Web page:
"disciplined technique for restructuring an existing body of code, altering its internal structure without changing its external behavior"
- Martin Fowler
Usually refactoring is initialized by code smell, a piece of code that does what I shall do, but doesn’t look “good”. But it can be initialized by several other reasons and some of them are:
Readability – a code part is really complex and the context it’s in would be easier to understand if it’s replaced with a function. For example, calculating the mean value of an array:
Testability – by replace some part of the code with a function, writing test gets so much easier to do. The code you want to test is depending on a previous part and you need to control the output from it.
Reusability – by extracting and generalize some part of the code, it can be re-used in several other parts.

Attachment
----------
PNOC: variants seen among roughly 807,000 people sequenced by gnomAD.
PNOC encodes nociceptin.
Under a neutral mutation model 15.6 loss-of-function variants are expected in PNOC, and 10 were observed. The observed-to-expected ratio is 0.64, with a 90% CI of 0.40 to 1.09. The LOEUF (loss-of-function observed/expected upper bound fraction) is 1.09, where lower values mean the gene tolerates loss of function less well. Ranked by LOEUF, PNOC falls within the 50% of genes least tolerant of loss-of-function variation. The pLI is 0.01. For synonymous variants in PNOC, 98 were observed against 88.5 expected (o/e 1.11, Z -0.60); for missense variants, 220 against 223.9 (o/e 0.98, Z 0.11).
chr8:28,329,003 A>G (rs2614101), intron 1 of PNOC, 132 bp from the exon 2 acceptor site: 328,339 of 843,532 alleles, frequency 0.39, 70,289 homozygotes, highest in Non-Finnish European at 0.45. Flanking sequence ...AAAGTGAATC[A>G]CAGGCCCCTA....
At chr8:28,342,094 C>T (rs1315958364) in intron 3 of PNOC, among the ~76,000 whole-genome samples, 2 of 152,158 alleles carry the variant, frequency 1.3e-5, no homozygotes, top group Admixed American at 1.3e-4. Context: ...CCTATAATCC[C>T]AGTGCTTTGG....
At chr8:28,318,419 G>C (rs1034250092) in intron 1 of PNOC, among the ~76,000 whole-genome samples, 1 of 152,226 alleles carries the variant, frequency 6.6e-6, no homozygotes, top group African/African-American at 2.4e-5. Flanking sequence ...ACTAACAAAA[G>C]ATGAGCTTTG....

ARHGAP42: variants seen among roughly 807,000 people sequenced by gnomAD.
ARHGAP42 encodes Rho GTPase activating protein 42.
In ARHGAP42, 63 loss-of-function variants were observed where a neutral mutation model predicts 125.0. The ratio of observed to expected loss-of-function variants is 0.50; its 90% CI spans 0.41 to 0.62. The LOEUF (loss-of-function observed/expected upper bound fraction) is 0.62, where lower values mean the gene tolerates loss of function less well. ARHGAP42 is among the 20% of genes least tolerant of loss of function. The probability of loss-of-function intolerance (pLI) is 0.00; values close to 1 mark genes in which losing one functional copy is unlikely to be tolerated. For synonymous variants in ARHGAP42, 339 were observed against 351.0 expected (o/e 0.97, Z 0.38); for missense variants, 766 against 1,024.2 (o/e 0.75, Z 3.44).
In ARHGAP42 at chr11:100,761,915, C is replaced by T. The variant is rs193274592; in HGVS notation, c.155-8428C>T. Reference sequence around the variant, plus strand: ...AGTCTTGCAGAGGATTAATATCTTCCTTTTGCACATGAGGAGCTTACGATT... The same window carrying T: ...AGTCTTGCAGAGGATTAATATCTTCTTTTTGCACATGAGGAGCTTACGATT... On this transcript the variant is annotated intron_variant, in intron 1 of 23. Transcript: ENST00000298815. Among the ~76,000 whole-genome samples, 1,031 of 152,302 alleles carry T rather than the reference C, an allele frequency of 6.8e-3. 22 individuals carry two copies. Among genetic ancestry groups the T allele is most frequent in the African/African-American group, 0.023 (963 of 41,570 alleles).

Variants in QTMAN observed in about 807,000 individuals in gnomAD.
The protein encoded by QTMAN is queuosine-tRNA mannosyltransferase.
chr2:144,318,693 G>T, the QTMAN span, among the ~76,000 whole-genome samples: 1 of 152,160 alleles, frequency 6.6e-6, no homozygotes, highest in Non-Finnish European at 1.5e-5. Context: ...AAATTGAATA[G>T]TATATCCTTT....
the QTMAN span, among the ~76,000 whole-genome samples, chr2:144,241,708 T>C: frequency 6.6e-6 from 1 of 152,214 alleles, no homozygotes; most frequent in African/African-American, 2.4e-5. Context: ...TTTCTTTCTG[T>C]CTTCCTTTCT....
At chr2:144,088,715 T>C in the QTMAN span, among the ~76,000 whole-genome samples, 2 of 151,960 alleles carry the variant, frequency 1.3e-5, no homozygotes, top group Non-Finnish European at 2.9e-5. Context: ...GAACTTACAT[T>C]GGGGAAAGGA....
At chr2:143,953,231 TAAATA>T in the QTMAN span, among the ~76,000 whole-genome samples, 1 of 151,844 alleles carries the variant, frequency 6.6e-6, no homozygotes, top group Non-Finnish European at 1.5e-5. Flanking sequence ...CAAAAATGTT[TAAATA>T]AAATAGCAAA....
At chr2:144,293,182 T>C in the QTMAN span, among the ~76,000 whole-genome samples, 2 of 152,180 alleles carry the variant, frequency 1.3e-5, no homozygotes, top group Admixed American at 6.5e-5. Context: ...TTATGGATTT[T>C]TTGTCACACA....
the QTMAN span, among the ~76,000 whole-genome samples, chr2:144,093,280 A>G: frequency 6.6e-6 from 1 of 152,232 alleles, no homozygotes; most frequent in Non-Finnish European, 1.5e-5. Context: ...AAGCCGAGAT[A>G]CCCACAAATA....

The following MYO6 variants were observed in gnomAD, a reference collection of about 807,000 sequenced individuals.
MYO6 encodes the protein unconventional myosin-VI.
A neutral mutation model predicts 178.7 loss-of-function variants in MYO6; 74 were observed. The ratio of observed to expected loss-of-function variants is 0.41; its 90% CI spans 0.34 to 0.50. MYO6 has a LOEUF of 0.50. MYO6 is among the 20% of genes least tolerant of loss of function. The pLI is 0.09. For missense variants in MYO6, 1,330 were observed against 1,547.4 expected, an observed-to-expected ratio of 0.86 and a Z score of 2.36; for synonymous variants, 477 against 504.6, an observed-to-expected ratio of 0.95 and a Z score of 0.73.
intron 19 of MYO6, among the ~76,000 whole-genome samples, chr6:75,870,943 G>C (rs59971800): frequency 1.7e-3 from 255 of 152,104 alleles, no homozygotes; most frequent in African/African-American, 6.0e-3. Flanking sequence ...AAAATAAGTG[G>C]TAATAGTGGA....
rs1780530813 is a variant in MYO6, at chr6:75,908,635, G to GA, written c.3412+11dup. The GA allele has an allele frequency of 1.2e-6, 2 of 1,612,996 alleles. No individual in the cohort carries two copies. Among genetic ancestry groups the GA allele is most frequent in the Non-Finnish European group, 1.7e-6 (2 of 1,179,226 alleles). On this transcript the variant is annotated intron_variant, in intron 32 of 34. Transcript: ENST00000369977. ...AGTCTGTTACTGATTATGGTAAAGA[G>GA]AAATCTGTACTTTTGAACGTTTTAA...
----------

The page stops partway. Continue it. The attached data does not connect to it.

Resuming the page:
So whats the point with this post? What I listed above is nothing new. It has been said and written of thousands of people.
A few days ago I watched a video from Öredev with Oren Eini, Hard Coding - A Design Approach. The most interesting he points out is that after Gang Of Four released Design Patterns, we have refactored and abstract code into so many layers that the code gets more complex and difficult to understand. Without good documentation and/or someone describing to you what the code actually does, time-to-understand-was-this-code-does has increased.
I don’t say that Design Patterns are bad. I like them. I use them. I do believe that they should be used with caution.
Back to the first question, how much shall I refactor?
As long as the code gets easier to read, test and modify, you should always consider refactoring, but check that your performance don't gets worse.
KISS – Keep It Simple, Stupid!